Meet Steve Simmons

Hi.  My name is Steve, and I tell lies to strangers for money.  Amanda asked me to do a guest-post for the blog as a way of infecting you — uh, I mean, introducing myself to you in preparation for Naked Reader publishing my work.

What then, to blog about?  Talking about myself seems gauche.  Which pretty much narrows the field to writing about writing, since that’s all I’m likely to have in common with folks reading a publisher’s blog.  So, though I suspect that me talking about writing is like asking a kid with training wheels to advise people on mountain-biking … here we go.

Who Are These People, And What Are They Doing In My Head?

What is it that turns a string of words into a “story”, exactly?  Is it an amazing scientific breakthrough, like maybe the replicators from Star Trek?  (Well, their larval form, at least.)   Or a convoluted international murder plot, preferably one involving a high-tech murder weapon?

No.  Those aren’t stories; they’re news articles.  Because they don’t give us Characters to relate to and care about.

Think about the stories you have loved – or hated – most strongly.  It wasn’t the sterile fact that Bag End was changing ownership that brought that lump to your throat; it was those blank pages at the end of Bilbo’s journal, driving home the realization that Sam’s story would somehow have to carry on without Mr. Frodo in it.  And readers don’t wax nostalgic over the details of how the Heart of Gold’s Infinite Improbability Drive was invented; we laugh about Arthur’s unshakable belief that things would all resolve themselves if he could just find that cup of tea.

That’s why we read those stories — “the old stories”, as Samwise called them.  To meet Characters like these, and to relish the experience of coming to love (or hate) them.  But where do such Characters come from?

I wish I knew.  All I know is I’m glad they stop by from time to time.  Even the rather-less-pleasant ones.  Because that’s more or less how it works, for me: they just “stop by”, usually just long enough to say “Hi.”

No, I don’t “hear voices”, in the classic pop-psychology sense.  But the Brownian motion in our hind-brain is constantly flinging together assorted bits and pieces of our experience in response to external stimuli, and sometimes the things that pop into my forebrain are feelings or attitudes complex enough to be viewed as Characters.  They typically arrive complete with settings and/or portraying very specific emotions or attitudes.  Allen L. Wold (a long-published writer of whom I’ve had the good fortune to translate from fan to friend and quasi-mentee) calls these “autonomous complexes”.

Which means that I get randomly interrupted by such things as:

             “If you did refuse to co-operate, things of which you would likely disapprove would almost certainly follow.”

             “Oh, I don’t know, milord.  I’m not a very judgmental person, all things taken together.”

            One eyebrow advanced purposefully up the magistrate’s forehead, as though to lay claim to area abdicated by his retreating hairline.  “Is that so?  Tell me, how do you feel about drawing and quartering, then?”

            Jack felt his Adam’s apple begin to bob, though it was yet several months shy of Hallowe’en.  “Uh, would you be meaning in a general, civic-theory sort o’ sense, sir?”

             “No, Master Kendall.  I would be meaning in a rather more specific and applied-science sort of manner.  Not that you would be in any position to record any findings, of course.”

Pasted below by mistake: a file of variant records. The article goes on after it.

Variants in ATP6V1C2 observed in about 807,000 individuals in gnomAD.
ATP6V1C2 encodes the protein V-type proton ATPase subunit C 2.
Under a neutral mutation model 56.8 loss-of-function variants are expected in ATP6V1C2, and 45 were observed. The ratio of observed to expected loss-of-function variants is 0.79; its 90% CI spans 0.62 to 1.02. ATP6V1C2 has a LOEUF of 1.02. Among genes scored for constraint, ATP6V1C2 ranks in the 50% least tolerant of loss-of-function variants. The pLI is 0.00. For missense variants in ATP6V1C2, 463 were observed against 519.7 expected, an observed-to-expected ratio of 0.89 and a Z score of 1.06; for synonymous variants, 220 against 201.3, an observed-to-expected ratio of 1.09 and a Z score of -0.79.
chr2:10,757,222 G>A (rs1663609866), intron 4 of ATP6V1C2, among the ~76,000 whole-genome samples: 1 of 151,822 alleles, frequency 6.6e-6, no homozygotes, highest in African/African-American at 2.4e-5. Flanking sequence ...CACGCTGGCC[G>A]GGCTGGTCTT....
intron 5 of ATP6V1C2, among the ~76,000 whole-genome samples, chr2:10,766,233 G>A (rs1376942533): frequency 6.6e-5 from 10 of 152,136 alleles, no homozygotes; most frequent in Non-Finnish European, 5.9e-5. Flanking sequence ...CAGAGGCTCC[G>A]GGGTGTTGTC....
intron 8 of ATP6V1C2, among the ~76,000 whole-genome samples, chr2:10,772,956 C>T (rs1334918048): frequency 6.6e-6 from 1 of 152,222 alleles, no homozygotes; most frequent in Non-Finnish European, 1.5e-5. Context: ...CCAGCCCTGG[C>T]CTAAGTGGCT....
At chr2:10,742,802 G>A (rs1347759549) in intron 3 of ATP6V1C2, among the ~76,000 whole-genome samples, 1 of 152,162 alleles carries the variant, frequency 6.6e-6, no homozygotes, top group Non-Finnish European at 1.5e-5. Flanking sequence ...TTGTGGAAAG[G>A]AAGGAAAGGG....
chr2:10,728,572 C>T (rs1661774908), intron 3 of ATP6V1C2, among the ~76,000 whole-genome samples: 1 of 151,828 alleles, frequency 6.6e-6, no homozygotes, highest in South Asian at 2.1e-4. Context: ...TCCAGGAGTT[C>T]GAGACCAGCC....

“Oh, well then.  Then I expect you’re right sir.  I find that I am quite judgmental, after all.”  Jack swallowed once more.  “What was it you had in mind then, milord?”

Or maybe:

            “Yes, Miss Dickenson, the art IS speaking to me.”

            “Wonderful, Timmy, wonderful.”

            “No, Miss Dickenson, you don’t understand.  Could you ask the art to STOP speaking to me, please?”

            “What ever do you mean, Timmy?”

            “I mean the art really is SPEAKING to me.  And what it’s saying is very scary …”

Or even:

            “But his eyes showed a smile that his heart never knew.  A smile that spoke of malice, of the diversions that might be found in harming those who strayed too near …”

I always make a point of jotting these little bits down, whenever they appear. Some of these visitors have gone on to become finished stories, like the Gremlin you’ll be meeting in Here There Be Faeries next month.  Others haven’t yet told me where they belong, and are languishing in the “Ideas” folder of my hard drive.  This boy turned out to be an extensive additional story-line in a book I had thought was already fully plotted:

            A change in his companion’s breathing attracted the burly teenager’s attention.  “Stop that, Father.  It wasn’t your fault.”

            Himmer’s breathing grew more ragged, not less.  “A lot you know, boy.  She trusted me, and I failed her.”

            “He had three of your arrows in him, Father!  Three arrows, all to the mark, in less time than it took him to cross the garden.  What other hunter could have done that?  What more can you ask of yourself?  What more could anyone ask?”

            “I could ask to save my own wife!”  Himmer screamed, as the tears broke through the last vestiges of his resolve.  “I could ask to save my own babe,” he sobbed.  “Not stand useless while my half-grown son does what I wasn’t man enough to finish.”

Wherever you find your Characters, never forget that it is their story, not yours.

*   *   *   *

Steve is one of NRP’s new authors.  His short story, Here There Be Faeries, is now available at our site and will shortly be available from Amazon, B&N and Smashwords.


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